Think Like a Reporter
It’s official. I have now practiced law longer than I have worked as a journalist. It’s an odd personal milestone, and I still feel a bit stuck in that identity crisis of trying to figure out exactly which box I fit in more. Certainly, in all my purely litigation matters, my skills as a lawyer are paramount, but I still think a lot more like a reporter in many circumstances.
It’s just a fact — what excites lawyers is not the same as what interests reporters.
Law schools take great pride in teaching law students year after year to think like lawyers. While that is an invaluable skill, lawyers sometimes forget how “normal people” think when dealing with the media. Whenever I get together with my reporter friends, I am always asked about my current exciting cases. After five minutes of me rambling on about my latest sexy breach of contract case or — how about some real cocktail party conversation — the Rule against Perpetuities, I get the inevitable, “Um, yeah. How are the kids?” It’s just a fact — what excites lawyers is not the same as what interests reporters.
I often have clients ask me to try to get them proactive media coverage on a case or legal issue. Usually, when the client is a lawyer, their past attempts have been unsuccessful because when they pitch a story, they think like a lawyer instead of a reporter. A couple of years ago, a colleague excitedly ran into my office, saying that the client really wanted media coverage about a particular issue and what could be better than our recently filed motion for summary judgment? I started to laugh, which was not exactly the reaction she expected. “Oh, you are serious. You think we could get coverage from local tv stations on a motion for summary judgment filed in federal court,” I quickly asked. Now, for the lawyers on the case, including me, the motion was huge — a novel area of law and a potential big win for our client. But how many headlines have you seen with the words “summary judgment?” I didn’t even know what that meant until I went to law school.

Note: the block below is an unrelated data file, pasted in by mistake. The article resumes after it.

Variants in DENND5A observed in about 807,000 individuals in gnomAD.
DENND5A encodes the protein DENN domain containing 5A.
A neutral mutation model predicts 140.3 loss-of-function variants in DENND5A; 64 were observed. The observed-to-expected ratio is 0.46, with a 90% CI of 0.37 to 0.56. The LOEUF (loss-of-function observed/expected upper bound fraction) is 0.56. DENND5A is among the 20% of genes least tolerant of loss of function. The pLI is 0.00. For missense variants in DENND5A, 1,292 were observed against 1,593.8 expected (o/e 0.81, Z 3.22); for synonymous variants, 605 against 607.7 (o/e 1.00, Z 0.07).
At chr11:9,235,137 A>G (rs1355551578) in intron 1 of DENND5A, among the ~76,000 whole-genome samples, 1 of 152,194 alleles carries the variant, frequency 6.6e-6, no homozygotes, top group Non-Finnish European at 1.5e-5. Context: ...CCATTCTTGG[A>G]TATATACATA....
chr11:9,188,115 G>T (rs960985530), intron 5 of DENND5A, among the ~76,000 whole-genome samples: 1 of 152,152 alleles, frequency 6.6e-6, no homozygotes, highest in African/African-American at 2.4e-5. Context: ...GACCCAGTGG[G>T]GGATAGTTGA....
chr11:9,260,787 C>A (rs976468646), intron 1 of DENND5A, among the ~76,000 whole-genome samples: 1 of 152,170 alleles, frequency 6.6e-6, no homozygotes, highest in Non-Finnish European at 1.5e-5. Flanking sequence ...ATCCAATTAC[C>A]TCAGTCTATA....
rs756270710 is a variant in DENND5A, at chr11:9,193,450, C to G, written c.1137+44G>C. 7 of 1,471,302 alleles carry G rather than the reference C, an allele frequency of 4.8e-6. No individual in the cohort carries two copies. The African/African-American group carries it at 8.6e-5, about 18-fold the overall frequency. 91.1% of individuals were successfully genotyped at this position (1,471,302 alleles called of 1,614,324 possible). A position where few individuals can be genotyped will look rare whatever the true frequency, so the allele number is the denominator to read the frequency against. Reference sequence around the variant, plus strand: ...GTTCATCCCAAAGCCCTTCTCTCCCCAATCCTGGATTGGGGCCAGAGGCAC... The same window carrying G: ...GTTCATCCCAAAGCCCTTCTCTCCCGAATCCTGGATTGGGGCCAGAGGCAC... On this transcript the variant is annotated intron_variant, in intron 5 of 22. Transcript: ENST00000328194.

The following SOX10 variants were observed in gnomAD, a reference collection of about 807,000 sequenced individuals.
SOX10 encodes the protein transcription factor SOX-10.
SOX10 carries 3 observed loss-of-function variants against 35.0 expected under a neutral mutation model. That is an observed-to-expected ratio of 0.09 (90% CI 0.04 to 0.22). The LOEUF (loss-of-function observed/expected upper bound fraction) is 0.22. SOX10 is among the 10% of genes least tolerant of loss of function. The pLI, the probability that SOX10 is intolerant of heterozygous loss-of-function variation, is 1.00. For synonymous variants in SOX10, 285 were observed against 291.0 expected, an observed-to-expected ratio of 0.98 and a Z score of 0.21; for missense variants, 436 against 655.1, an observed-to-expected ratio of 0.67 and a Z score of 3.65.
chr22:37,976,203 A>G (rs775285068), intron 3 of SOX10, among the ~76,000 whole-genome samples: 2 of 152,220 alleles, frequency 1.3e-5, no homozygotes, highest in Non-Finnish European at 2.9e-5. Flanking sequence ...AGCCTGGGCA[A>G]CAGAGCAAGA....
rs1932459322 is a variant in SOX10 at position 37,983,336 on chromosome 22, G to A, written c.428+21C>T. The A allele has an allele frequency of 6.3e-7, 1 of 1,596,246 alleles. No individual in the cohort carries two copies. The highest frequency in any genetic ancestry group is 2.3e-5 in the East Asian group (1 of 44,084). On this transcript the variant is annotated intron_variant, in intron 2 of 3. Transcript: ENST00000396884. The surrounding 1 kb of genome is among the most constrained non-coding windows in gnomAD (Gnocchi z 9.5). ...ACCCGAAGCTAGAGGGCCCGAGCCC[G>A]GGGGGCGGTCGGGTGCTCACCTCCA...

Now, we did ultimately receive a lot of coverage in that case, but it was thinking like a reporter, not a lawyer, that made a difference. When I pitched the story to reporters, I never once mentioned summary judgment or tried to explain what it would mean to have a claim dismissed as a matter of law — all the things that excited me as a lawyer. Instead, the focus was on the newsworthy facts—the ones I knew would have interested me as a reporter and the same facts I would have pitched to a news director or editor. For TV stations, the focus was on the visual aspects of the story, not on the most riveting parts of the brief.
So, while I’ve hit that milestone of thinking like a lawyer for a little longer than thinking full-time as a reporter, I hope I always keep those reporter instincts. Every once in a while, it allows a client to reach their media goals, and the lawyer side of me can still relish with them in a courtroom win.